Yet Musk’s telling of the Twitter story is quite different. In November, at the Baron Conference in New York, Musk said that Twitter could be the most valuable company in the world. Somehow, a $40 billion company (that would probably be worth $10-15 billion if still publicly-traded) could overtake the aforementioned $2.3 trillion Apple, currently 58x its size. A company with 450 monthly active users—one-seventh as many as Facebook, one-fifth as many as Instagram, and one-third (estimated) as many as TikTok—that is growing its user base just 4% a year could somehow overtake tech giants many multiples bigger. The story just doesn’t make sense.
In his recent piece Narratives, Ben Thompson makes the same point: Musk has his narratives (Bots are bad! Free speech! Subscription is the right business model!) but they come up hollow upon closer examination. Investors backed Musk in his overpriced Twitter acquisition because of Musk’s track record, yes, but also because of the story he told. And it’s looking like they’ll be taking a loss on that investment.
The other major story of the past month—the story of Sam Bankman-Fried and FTX—also underscores the dangers of storification. The complexity and grey areas of FTX’s business was camouflaged by SBF’s simplistic black-and-white narrative. Everyone loves a good hero-villain story, and SBF delivered: SBF, crypto’s young savior, was here to take on the big bad banks and their centralized financial system. He painted the narrative in absolutes, distracting from the conflicts, financial mismanagement, and self-trading under the hood.
We saw the same thing happen with Elizabeth Holmes and Theranos. Holmes told an alluring story—the story of the young wunderkind, complete with lore (green smoothies only) and costume (Steve Jobs-esque black turtleneck). But again, the narrative masked the truth. In his book, Peter Brooks points to Enron and Purdue Pharma as two business examples of “narrative takeover of reality”; FTX and Theranos provide two recent proofpoints in the tech world.
This is difficult, of course, because storytelling is also key to any great entrepreneur and any great company. Storytelling is a powerful tool for attracting talent, motivating employees, and selling to customers.
The challenge is that in today’s fast-paced, internet-fueled environment, we have too often sacrificed analysis, examination, and argument. Any good story should demand a healthy dose of scrutiny; after all, every story is constructed through deliberate choices of inclusion and omission.
As an investor, this discipline is even more critical—how do you separate fact from fiction? What narratives are valid, and what narratives are overinflated and more bluster than substance?
The Glass-Half-Full View
My writing in Digital Native tends to take the optimistic view of technology and entrepreneurship, so I’ll end with a more positive reframing.
The above isn’t to argue that storytelling is bad; rather, stories are an essential part of human connection. One of the reasons I love mediums like film and television is because they leverage stories to influence real-world viewpoints, actions, and policies. Will & Grace was pivotal in driving mainstream acceptance of same-sex marriage in America. Studies have shown that watching a TV show with a female president increases a person’s likelihood of voting for a female president. I dedicated an entire piece to the relationship between media and culture, April’s Cultural Transmission in the Internet Age. From that piece:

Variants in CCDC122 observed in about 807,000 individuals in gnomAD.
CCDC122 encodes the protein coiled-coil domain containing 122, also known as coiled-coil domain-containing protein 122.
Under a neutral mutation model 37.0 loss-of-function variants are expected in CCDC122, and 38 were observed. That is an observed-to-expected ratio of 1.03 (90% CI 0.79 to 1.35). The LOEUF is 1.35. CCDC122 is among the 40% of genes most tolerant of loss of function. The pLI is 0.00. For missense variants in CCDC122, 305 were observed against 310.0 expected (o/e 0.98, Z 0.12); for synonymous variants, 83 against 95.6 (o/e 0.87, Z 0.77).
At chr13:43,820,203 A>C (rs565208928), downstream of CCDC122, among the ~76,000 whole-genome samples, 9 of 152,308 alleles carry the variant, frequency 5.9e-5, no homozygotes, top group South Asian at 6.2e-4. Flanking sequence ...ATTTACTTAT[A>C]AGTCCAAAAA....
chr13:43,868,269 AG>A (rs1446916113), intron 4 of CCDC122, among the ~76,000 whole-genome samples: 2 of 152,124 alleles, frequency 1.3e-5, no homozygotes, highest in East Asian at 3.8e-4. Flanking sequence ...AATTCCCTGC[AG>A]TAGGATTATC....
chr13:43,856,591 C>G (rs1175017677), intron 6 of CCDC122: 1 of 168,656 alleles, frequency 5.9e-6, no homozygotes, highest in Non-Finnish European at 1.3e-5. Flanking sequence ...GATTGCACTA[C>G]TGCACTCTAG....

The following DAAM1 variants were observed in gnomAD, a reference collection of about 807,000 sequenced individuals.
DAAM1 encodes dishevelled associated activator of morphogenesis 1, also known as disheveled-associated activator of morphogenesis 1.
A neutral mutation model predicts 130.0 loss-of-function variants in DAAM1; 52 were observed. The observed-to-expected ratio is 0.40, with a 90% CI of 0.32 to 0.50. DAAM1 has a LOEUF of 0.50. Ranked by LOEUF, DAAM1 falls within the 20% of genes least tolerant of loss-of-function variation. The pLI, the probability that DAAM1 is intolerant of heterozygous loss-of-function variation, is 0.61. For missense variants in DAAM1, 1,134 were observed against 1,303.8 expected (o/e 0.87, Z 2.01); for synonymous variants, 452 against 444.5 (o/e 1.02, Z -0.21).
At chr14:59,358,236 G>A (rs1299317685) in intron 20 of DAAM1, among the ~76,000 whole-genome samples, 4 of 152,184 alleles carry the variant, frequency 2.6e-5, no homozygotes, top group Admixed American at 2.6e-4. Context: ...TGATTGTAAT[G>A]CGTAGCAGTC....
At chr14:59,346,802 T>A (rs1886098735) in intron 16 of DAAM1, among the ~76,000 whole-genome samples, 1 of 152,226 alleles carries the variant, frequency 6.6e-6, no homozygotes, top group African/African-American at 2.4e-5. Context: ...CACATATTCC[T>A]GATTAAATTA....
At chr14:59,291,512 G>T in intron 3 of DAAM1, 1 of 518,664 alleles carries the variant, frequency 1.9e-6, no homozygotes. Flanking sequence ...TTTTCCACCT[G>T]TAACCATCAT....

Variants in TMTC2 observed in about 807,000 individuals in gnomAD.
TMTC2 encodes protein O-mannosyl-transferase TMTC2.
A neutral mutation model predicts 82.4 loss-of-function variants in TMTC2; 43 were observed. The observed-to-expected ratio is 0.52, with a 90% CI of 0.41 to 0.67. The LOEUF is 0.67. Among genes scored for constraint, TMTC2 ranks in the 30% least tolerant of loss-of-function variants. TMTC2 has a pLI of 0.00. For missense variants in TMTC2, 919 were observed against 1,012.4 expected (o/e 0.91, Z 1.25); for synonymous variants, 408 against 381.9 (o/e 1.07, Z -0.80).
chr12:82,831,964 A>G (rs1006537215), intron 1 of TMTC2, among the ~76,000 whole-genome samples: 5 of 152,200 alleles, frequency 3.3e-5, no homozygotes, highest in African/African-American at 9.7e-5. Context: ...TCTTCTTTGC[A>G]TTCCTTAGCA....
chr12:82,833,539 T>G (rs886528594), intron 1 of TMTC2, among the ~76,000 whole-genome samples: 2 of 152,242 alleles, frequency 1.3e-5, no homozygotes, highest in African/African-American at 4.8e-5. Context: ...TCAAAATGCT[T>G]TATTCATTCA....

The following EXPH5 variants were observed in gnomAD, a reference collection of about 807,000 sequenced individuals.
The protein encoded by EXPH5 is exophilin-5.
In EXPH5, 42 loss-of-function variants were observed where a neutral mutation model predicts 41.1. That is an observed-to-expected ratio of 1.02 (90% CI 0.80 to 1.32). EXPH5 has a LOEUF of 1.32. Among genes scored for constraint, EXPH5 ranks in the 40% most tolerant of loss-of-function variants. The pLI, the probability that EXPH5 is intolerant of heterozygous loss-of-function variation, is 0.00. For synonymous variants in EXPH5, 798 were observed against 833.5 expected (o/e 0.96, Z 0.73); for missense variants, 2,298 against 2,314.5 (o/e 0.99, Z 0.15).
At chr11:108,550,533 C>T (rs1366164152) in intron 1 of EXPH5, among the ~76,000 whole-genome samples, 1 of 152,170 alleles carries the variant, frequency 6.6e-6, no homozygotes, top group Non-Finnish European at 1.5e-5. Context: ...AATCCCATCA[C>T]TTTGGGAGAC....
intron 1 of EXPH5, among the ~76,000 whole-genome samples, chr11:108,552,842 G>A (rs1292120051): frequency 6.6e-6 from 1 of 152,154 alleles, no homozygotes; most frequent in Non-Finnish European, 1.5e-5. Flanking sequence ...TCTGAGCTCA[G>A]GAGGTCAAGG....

Media is also a powerful vehicle for relaying true stories, raising awareness and spurring action. How many Americans would even know about the Rwandan genocide if it weren’t for Hotel Rwanda? Or in the 80s, the excellent film Mississippi Burning painted a vivid portrait of American racism for the movie-going public. And more recently, the Hulu show Dopesick (which I highly recommend) both educated and infuriated viewers about Purdue Pharma and its role in the opioid crisis.
To loop back to Steve Jobs, how many kids (and adults) have learned important life lessons from another of Jobs’s creations—Pixar?
Stories are wonderful, and learning to tell a good story is integral to being successful as an entrepreneur. (Side note: Pixar’s 22 Rules of Storytelling are worth reading in full—they are the masters of their craft.)
The best startups learn to write their own narrative, yet in an honest, high-integrity way. The book Play Bigger calls this “category design”, and when executed well, category design can be powerful.
Qualtrics was a middling survey company until its founders reframed surveys as “Experience Management.” What exec wants to pay for yet another survey tool? No thanks. But the exec who wouldn’t pay for Experience Management? That’s a bad boss right there. Qualtrics’s storytelling was brilliant, inflected the business, and today Qualtrics is a $6B public company (SurveyMonkey, now called Momentive, sits at $1B).
In the bull market of the past decade, it became easy to listen to a good story and to gloss over analysis. After all, everything was up and to the right.
But heading into 2023, and given how narratives seem to have outpaced substance, it’s important to realize what a good story is. A tool in an entrepreneur’s arsenal? Yes. A feather in a company’s cap? Absolutely. But a story isn’t everything. Beware the ‘storification’ of business and technology. Every story demands deep scrutiny and thoughtful examination—especially the good stories. When the story sounds too good to be true, it often is.
Sources & Additional Reading
Seduced By Story | Peter Brooks
Beware the Storification of the Internet | Sophia Stewart, The Atlantic
Narratives | Ben Thompson
Play Bigger | Ramadan, Peterson, Lochhead, Maney
Thank you to my colleague Paris Heymann for being a sparring partner on the topics of storification and category creation, and how they relate to the art of investing and entrepreneurship